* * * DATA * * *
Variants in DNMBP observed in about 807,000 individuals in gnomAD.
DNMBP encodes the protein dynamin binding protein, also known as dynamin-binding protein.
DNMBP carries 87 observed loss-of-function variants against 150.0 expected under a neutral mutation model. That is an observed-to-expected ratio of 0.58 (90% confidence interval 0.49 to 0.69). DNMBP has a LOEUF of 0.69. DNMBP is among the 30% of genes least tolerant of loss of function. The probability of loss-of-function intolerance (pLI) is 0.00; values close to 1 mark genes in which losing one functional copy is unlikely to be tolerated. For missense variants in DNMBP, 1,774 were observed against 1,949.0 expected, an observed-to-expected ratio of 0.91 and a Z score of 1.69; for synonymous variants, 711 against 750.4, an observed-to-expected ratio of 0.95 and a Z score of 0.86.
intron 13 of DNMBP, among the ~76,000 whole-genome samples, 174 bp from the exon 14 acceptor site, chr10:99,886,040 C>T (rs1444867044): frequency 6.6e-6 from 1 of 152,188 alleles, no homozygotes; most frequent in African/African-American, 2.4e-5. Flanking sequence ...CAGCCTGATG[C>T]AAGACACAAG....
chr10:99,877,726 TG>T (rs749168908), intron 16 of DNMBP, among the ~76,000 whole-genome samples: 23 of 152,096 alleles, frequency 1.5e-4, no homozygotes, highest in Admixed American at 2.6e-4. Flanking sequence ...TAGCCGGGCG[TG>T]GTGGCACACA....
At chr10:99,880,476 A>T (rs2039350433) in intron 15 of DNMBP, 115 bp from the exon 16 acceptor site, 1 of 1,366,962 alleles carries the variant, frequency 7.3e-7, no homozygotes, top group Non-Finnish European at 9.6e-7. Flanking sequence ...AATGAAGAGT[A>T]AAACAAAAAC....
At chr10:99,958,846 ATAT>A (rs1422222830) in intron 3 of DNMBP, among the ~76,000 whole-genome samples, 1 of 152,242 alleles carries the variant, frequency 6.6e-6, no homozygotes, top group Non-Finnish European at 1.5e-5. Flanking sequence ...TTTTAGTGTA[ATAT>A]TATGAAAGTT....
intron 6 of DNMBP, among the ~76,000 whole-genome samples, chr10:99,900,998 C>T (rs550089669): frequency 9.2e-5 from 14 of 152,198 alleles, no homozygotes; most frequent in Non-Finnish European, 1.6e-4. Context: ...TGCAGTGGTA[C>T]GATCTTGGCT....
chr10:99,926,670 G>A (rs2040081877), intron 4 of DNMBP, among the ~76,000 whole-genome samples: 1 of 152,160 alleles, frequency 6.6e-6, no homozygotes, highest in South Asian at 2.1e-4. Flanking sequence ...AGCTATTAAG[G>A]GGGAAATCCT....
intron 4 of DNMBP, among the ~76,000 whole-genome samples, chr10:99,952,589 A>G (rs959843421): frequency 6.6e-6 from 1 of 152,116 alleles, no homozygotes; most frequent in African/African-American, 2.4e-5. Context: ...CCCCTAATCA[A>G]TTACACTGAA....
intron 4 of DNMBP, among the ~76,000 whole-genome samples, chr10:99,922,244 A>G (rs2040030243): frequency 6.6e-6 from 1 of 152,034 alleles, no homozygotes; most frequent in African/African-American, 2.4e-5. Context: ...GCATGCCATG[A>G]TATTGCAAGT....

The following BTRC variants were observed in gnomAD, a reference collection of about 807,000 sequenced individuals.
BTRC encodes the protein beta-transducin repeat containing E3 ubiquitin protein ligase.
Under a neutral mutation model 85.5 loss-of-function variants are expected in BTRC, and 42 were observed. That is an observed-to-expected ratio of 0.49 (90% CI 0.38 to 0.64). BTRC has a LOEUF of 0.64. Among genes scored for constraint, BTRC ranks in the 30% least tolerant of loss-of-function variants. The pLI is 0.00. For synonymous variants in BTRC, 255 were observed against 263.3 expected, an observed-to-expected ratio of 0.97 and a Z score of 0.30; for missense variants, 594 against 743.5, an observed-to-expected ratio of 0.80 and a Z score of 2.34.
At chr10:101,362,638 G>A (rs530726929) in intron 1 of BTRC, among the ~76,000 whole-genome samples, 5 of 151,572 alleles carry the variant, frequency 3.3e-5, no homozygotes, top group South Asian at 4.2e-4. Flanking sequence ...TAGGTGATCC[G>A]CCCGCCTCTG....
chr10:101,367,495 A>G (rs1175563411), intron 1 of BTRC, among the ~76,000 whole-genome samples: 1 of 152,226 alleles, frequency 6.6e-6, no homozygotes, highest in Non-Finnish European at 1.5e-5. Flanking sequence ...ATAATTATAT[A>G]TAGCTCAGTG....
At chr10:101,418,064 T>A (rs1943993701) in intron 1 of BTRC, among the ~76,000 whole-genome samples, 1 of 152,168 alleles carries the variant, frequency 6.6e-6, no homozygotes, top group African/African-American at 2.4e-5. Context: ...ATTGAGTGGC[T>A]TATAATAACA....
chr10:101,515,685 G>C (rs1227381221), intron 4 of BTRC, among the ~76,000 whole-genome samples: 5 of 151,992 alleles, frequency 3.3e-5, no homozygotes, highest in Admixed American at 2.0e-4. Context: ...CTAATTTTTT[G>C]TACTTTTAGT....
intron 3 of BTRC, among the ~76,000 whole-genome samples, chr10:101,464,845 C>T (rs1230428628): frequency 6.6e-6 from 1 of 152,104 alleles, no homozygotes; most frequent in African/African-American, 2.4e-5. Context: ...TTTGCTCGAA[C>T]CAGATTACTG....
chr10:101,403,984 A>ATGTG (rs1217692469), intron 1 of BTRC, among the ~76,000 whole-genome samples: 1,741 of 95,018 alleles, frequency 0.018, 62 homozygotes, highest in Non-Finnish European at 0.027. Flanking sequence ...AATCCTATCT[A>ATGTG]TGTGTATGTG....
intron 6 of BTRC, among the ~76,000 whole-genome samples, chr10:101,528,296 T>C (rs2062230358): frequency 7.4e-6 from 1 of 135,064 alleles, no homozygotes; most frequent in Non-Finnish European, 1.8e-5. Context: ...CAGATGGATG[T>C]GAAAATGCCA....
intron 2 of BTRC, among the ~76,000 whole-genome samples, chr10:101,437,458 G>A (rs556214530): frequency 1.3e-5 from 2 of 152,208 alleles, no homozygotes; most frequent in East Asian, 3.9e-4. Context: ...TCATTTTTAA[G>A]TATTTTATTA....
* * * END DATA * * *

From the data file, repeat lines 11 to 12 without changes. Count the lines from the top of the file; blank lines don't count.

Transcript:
intron 4 of DNMBP, among the ~76,000 whole-genome samples, chr10:99,922,244 A>G (rs2040030243): frequency 6.6e-6 from 1 of 152,034 alleles, no homozygotes; most frequent in African/African-American, 2.4e-5. Context: ...GCATGCCATG[A>G]TATTGCAAGT....

The following BTRC variants were observed in gnomAD, a reference collection of about 807,000 sequenced individuals.